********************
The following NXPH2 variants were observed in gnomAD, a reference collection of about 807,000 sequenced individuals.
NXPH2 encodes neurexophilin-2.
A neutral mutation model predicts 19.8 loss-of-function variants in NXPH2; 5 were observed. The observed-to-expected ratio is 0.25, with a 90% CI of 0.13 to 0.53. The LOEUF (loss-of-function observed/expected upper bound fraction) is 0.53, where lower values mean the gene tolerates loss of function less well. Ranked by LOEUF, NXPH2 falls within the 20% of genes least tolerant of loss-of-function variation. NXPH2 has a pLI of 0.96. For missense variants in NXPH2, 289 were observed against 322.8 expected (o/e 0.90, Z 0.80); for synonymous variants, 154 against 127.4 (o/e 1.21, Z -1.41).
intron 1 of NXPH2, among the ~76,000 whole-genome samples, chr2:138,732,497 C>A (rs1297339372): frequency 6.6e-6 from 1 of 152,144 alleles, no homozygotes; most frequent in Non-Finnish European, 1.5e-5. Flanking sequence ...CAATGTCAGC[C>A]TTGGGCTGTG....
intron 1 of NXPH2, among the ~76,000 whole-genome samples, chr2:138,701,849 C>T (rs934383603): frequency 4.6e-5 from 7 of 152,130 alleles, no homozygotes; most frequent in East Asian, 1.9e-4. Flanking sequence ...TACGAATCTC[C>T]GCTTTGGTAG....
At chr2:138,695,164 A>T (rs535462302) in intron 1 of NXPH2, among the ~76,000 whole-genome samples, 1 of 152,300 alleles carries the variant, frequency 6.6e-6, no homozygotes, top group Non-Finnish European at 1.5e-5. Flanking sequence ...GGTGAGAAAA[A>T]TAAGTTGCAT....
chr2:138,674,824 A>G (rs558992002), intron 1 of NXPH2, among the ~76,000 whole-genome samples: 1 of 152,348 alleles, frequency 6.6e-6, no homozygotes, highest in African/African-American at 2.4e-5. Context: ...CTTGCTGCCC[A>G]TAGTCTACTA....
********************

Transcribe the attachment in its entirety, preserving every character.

The following NXPH2 variants were observed in gnomAD, a reference collection of about 807,000 sequenced individuals.
NXPH2 encodes neurexophilin-2.
A neutral mutation model predicts 19.8 loss-of-function variants in NXPH2; 5 were observed. The observed-to-expected ratio is 0.25, with a 90% CI of 0.13 to 0.53. The LOEUF (loss-of-function observed/expected upper bound fraction) is 0.53, where lower values mean the gene tolerates loss of function less well. Ranked by LOEUF, NXPH2 falls within the 20% of genes least tolerant of loss-of-function variation. NXPH2 has a pLI of 0.96. For missense variants in NXPH2, 289 were observed against 322.8 expected (o/e 0.90, Z 0.80); for synonymous variants, 154 against 127.4 (o/e 1.21, Z -1.41).
intron 1 of NXPH2, among the ~76,000 whole-genome samples, chr2:138,732,497 C>A (rs1297339372): frequency 6.6e-6 from 1 of 152,144 alleles, no homozygotes; most frequent in Non-Finnish European, 1.5e-5. Flanking sequence ...CAATGTCAGC[C>A]TTGGGCTGTG....
intron 1 of NXPH2, among the ~76,000 whole-genome samples, chr2:138,701,849 C>T (rs934383603): frequency 4.6e-5 from 7 of 152,130 alleles, no homozygotes; most frequent in East Asian, 1.9e-4. Flanking sequence ...TACGAATCTC[C>T]GCTTTGGTAG....
At chr2:138,695,164 A>T (rs535462302) in intron 1 of NXPH2, among the ~76,000 whole-genome samples, 1 of 152,300 alleles carries the variant, frequency 6.6e-6, no homozygotes, top group Non-Finnish European at 1.5e-5. Flanking sequence ...GGTGAGAAAA[A>T]TAAGTTGCAT....
chr2:138,674,824 A>G (rs558992002), intron 1 of NXPH2, among the ~76,000 whole-genome samples: 1 of 152,348 alleles, frequency 6.6e-6, no homozygotes, highest in African/African-American at 2.4e-5. Context: ...CTTGCTGCCC[A>G]TAGTCTACTA....